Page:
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recovery

Picture of Samantha Caiola
Often when journalists cover sexual assault, they focus on the details of what happened. Rarely do we pause to look at the long-term mental and emotional impacts on the person who came forward about the assault.
Picture of Kerry Klein
This story was produced as part of a larger project led by Kerry Klein, a participant in the USC Center for Health Journalism's 2018 Data Fellowship. Other stories in this series include: It Used To Be Kern County's Opioid Epicenter, But Oildale May Be Cleaning Up
Picture of Michael Hill
Correspondent Michael Hill reported this story with the support of the Dennis A. Hunt Fund for Health Journalism, a program of the University of Southern California Center for Health Journalism.
Picture of Marina Riker
Recovery in rural areas and small towns like Tivoli, Bayside and Austwell is vastly different from cities like Houston, where public and private funding flooded the city as quickly as Harvey’s rains did.
Picture of Suzanne Hurt
This story is part of a series on Dec. 2, 2015, terrorist attack survivors’ recovery and California’s workers’ compensation system. The project was undertaken for the USC Center for Health Journalism’s California Fellowship.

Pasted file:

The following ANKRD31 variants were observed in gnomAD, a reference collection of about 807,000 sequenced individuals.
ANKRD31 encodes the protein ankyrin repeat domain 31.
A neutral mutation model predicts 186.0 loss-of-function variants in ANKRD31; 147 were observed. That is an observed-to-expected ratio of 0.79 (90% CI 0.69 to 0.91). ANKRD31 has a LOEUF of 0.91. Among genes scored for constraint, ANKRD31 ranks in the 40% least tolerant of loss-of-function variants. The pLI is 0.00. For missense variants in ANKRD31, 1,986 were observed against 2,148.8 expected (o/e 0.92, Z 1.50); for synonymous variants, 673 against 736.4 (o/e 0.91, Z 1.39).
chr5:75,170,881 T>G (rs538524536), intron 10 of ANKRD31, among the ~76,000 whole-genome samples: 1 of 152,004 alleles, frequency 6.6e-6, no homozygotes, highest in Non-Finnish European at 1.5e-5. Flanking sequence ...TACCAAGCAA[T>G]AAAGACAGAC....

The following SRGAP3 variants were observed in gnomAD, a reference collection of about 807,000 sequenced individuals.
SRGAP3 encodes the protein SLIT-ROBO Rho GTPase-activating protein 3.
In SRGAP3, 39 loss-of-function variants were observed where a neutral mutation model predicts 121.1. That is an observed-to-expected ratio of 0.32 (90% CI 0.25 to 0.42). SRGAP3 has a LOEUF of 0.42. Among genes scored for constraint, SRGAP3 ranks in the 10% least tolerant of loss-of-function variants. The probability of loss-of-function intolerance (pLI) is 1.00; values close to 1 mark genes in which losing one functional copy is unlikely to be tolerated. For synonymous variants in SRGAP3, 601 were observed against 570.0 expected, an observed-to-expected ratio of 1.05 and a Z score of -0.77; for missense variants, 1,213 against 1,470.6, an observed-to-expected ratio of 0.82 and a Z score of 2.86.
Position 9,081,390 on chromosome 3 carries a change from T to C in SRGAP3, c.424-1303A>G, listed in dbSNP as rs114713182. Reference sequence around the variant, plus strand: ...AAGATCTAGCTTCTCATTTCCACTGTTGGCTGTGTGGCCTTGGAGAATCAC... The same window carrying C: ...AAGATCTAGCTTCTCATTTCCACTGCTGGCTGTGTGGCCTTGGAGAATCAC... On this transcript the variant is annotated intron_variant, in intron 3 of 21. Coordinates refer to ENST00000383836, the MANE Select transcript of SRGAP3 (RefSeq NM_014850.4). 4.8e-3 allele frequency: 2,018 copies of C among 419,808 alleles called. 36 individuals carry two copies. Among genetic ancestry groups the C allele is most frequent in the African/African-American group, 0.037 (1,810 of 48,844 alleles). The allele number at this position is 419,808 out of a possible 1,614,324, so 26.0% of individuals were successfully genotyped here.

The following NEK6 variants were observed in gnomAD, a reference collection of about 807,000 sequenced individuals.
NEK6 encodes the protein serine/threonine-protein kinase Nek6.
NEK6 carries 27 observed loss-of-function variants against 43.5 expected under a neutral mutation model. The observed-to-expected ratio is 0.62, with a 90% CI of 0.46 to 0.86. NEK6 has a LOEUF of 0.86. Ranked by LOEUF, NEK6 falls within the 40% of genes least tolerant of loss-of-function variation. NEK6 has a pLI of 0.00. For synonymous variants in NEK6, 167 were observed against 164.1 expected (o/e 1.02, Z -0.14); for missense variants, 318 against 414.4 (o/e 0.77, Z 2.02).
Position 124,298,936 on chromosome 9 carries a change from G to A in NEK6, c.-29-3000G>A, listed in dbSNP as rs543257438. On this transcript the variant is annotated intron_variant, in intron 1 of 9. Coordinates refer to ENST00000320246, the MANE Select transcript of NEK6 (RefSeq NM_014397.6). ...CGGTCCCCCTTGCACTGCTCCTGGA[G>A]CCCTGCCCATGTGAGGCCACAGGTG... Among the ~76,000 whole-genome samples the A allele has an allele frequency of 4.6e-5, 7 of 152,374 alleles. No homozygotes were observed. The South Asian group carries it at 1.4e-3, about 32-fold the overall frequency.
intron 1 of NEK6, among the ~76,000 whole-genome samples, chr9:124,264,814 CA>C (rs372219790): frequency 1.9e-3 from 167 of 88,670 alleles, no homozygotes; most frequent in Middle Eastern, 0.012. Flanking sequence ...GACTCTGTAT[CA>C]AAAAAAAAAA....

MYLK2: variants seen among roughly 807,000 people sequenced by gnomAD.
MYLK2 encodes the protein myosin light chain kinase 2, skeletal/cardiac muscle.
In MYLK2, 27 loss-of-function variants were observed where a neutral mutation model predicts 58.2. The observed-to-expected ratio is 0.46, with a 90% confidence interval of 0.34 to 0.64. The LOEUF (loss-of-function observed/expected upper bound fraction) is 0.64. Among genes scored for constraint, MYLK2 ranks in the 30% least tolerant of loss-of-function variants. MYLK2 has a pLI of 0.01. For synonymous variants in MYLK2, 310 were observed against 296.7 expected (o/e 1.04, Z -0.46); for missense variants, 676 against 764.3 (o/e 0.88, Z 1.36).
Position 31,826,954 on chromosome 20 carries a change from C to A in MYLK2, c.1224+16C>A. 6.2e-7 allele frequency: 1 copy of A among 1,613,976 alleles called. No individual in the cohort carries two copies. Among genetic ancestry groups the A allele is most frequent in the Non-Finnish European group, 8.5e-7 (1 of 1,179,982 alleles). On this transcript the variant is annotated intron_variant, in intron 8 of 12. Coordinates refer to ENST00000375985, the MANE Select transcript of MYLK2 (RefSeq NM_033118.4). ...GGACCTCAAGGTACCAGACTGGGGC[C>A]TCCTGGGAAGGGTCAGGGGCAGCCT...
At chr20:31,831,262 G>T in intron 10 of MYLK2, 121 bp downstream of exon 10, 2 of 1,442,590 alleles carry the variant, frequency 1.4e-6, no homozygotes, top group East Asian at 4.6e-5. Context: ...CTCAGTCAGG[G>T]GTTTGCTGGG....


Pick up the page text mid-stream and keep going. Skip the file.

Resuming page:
Picture of Suzanne Hurt
For the survivors of the San Bernardino terrorist attack, the battle to get the health care they need continues. And the county's broken workers' compensation system is only making matters worse.
Picture of Mary Pember

During my fellowship project, I chose to focus on the impact of historical trauma and unresolved grief on the lives of Native peoples and ways that they are healing from the trauma and building resiliency. Here's what I learned along the way.

Picture of Micky Duxbury

The Welcome Home Project's goal is to lift up stories of men and women who spent between five and 20 years time in prison and jails and have been able to turn their lives around. Their stories and photographs have been compiled into a compelling and motivational calendar-format booklet.

Picture of Yvonne LaRose

It's been eleven years since the attack. We have healed. The World Trade Center is rebuilt.

Picture of Allie  Hostler

Journalist Allie Hostler examines the devastating impact of drug and alcohol addiction on the Hoopa Valley Tribe in California.

Announcements

The USC Center for Health Journalism's Impact Funds provide reporting support — funding and mentoring — to journalists who think big and want to make a difference. 

Apply today for our National Impact Fund for reporting on health equity and health systems across the country. 

Apply today for our California Impact Fund for reporting that brings untold stories to light in the Golden State. 

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